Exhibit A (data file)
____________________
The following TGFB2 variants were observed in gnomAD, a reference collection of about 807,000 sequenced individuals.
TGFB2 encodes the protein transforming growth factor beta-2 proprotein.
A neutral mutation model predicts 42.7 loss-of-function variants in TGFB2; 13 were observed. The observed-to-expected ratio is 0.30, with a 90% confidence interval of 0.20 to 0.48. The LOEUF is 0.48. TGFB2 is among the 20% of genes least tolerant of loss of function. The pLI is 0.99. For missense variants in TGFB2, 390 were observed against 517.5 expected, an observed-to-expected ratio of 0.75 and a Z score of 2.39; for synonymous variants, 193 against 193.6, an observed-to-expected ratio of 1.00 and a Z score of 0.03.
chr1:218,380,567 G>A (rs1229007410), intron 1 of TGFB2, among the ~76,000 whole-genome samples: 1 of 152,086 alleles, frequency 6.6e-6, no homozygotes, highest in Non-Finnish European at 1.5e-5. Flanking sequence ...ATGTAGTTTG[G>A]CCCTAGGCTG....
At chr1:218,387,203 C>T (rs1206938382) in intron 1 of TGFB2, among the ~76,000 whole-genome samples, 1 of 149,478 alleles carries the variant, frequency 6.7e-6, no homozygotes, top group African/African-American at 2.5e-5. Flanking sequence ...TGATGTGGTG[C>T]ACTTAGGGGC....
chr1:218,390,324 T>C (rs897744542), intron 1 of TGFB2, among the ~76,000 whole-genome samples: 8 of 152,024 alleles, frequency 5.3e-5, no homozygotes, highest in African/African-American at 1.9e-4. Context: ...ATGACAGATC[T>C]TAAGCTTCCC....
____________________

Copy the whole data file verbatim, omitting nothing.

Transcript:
The following TGFB2 variants were observed in gnomAD, a reference collection of about 807,000 sequenced individuals.
TGFB2 encodes the protein transforming growth factor beta-2 proprotein.
A neutral mutation model predicts 42.7 loss-of-function variants in TGFB2; 13 were observed. The observed-to-expected ratio is 0.30, with a 90% confidence interval of 0.20 to 0.48. The LOEUF is 0.48. TGFB2 is among the 20% of genes least tolerant of loss of function. The pLI is 0.99. For missense variants in TGFB2, 390 were observed against 517.5 expected, an observed-to-expected ratio of 0.75 and a Z score of 2.39; for synonymous variants, 193 against 193.6, an observed-to-expected ratio of 1.00 and a Z score of 0.03.
chr1:218,380,567 G>A (rs1229007410), intron 1 of TGFB2, among the ~76,000 whole-genome samples: 1 of 152,086 alleles, frequency 6.6e-6, no homozygotes, highest in Non-Finnish European at 1.5e-5. Flanking sequence ...ATGTAGTTTG[G>A]CCCTAGGCTG....
At chr1:218,387,203 C>T (rs1206938382) in intron 1 of TGFB2, among the ~76,000 whole-genome samples, 1 of 149,478 alleles carries the variant, frequency 6.7e-6, no homozygotes, top group African/African-American at 2.5e-5. Flanking sequence ...TGATGTGGTG[C>T]ACTTAGGGGC....
chr1:218,390,324 T>C (rs897744542), intron 1 of TGFB2, among the ~76,000 whole-genome samples: 8 of 152,024 alleles, frequency 5.3e-5, no homozygotes, highest in African/African-American at 1.9e-4. Context: ...ATGACAGATC[T>C]TAAGCTTCCC....